We can use combinations of the datatypes and primitive procedures to perform simple (and not so simple) calculations using the scm interpreter:

> (+ 2 2) 4 > (* 2 8) 16 > (- 2 1) 1 > (/ 3 4) 0.75

These are, in order,

- Addition
- Multiplication
- Subtraction
- Division

Each of these expressions can be nested within one another, thus:

> (+ (* 2 4) (/ 3 4) (- 2 1) (+ 2 2)) 13.75

This shows 2 important things about Scheme expressions:

- Scheme expressions can be nested, leading to an important concept, the Substitution Model.
- Some procedures can take a variable number of arguments; we'll show how to do this later.

The first point is most important at this point.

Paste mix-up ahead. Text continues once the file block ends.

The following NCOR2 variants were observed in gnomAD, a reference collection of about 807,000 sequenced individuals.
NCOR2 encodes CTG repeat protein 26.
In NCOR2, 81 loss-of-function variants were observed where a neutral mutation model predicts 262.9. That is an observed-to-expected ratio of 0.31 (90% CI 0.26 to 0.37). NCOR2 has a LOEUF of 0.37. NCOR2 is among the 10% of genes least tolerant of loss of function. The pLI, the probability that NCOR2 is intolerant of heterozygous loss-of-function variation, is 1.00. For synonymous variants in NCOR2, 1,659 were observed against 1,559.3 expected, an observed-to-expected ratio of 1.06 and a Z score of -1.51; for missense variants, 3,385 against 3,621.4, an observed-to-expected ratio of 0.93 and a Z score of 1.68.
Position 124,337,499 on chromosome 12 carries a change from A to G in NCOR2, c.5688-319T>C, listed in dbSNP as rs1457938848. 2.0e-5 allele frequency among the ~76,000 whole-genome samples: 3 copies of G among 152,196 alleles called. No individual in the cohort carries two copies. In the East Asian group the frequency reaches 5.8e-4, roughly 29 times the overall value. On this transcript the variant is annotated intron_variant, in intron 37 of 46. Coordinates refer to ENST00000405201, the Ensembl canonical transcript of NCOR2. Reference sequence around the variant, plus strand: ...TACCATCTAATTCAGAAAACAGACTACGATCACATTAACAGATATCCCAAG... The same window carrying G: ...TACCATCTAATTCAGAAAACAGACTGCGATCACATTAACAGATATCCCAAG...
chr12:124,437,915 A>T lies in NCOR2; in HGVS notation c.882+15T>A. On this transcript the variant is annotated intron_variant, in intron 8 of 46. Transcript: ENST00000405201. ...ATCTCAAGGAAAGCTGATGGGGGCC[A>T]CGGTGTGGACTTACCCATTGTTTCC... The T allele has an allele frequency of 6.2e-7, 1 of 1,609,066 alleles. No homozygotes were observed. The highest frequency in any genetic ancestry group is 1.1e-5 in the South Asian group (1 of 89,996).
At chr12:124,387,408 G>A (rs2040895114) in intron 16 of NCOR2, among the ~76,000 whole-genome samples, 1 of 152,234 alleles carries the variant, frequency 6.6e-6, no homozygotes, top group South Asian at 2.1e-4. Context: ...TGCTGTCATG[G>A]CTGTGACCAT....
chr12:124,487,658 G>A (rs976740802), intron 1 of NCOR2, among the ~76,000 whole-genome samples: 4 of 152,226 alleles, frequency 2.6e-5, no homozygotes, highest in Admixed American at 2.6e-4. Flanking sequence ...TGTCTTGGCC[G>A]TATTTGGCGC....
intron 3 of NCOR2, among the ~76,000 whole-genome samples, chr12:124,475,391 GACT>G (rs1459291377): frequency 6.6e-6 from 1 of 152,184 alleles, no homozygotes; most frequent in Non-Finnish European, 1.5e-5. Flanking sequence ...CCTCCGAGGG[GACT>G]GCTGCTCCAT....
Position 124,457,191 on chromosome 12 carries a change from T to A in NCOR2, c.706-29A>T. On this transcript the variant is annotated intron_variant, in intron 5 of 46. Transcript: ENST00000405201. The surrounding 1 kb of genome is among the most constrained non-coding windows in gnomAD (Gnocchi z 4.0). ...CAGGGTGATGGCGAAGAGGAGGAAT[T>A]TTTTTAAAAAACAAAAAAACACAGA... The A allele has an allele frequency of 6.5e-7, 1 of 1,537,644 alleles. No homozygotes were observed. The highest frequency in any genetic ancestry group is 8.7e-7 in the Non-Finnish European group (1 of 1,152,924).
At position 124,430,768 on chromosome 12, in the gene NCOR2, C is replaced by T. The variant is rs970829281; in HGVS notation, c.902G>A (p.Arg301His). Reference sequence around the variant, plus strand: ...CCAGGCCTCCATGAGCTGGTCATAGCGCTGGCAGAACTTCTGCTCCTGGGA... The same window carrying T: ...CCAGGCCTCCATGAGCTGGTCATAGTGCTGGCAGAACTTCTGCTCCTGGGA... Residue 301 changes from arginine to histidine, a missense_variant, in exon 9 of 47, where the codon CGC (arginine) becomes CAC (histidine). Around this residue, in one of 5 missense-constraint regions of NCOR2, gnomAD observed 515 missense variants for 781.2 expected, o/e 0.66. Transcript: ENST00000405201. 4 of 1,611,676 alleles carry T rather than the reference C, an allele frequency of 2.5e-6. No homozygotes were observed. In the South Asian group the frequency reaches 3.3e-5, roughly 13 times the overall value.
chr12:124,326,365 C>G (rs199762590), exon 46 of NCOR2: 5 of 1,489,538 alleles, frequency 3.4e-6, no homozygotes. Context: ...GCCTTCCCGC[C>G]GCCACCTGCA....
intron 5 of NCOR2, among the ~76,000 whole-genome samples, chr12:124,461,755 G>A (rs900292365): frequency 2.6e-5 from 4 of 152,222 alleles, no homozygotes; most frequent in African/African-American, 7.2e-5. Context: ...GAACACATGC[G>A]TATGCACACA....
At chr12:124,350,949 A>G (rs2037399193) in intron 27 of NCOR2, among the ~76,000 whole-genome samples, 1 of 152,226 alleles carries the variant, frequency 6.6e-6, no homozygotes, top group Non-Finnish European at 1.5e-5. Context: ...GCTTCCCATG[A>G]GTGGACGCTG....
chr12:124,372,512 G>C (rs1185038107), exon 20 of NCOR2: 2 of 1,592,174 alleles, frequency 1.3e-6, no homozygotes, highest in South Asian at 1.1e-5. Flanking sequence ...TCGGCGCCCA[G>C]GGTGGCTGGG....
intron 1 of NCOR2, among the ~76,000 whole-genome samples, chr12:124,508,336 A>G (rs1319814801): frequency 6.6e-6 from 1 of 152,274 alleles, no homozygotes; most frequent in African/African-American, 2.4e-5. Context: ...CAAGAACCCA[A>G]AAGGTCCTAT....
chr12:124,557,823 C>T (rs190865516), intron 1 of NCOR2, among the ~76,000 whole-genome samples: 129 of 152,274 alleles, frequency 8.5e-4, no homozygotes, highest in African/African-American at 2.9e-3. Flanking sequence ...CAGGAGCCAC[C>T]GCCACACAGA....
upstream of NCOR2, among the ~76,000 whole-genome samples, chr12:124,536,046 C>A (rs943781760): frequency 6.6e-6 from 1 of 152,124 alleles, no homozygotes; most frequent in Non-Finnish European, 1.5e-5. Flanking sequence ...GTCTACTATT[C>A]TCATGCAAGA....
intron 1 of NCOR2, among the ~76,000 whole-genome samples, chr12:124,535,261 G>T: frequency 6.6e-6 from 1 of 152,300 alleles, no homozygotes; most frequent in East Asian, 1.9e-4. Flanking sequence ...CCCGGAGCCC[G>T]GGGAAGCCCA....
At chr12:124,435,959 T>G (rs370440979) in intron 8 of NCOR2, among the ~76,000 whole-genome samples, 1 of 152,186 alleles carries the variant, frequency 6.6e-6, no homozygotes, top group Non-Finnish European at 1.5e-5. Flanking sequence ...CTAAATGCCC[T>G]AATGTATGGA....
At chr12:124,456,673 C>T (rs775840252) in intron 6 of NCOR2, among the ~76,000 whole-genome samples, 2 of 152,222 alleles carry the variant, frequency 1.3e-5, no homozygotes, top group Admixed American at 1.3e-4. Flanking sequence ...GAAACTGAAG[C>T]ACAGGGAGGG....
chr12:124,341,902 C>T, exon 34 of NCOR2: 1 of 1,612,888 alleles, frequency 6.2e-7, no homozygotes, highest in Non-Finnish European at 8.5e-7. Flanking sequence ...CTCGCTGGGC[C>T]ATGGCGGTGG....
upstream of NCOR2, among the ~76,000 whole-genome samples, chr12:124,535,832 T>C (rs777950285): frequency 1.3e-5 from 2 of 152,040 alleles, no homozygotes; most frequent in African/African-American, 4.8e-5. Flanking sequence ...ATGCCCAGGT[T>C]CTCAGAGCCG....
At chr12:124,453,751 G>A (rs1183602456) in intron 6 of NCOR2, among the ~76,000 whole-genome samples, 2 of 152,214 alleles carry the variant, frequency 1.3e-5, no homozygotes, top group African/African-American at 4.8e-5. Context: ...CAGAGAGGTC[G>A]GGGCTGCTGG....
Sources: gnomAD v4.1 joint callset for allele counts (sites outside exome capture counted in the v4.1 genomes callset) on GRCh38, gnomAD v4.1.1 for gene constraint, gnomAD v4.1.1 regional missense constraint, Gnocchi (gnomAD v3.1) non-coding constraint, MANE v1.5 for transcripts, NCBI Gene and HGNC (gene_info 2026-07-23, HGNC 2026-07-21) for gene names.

#### The Substitution ModelEdit

The substitution model for computing expressions is one of the simplest and most powerful ways of thinking about Scheme expressions. It can be regarded as the basis of a large portion of Scheme.

In order to understand the substitution model, I'll give you a simple example, the one given before, and work through it.

> (+ (* 2 4) (/ 3 4) (- 2 1) (+ 2 2))

In order to evaluate this, the scheme interpreter must evaluate every sub-expression, thus decomposing it to atomic datatypes and primitives:

> (+ 8 0.75 1 4) 13.75

This same model can be applied to extra layers of nesting.

> (* (+ 13 1) (+ (* 2 4) (/ 3 4) (- 2 1) (+ 2 2))) > (* (+ 13 1) (+ 8 0.75 1 4)) > (* 14 13.75) 192.5

The best way to think about this is as a basic algorithm.

- Has the expression any subexpressions?
- yes: Evaluate subexpressions using this algorithm
- no: Evaluate whole expression of primitives.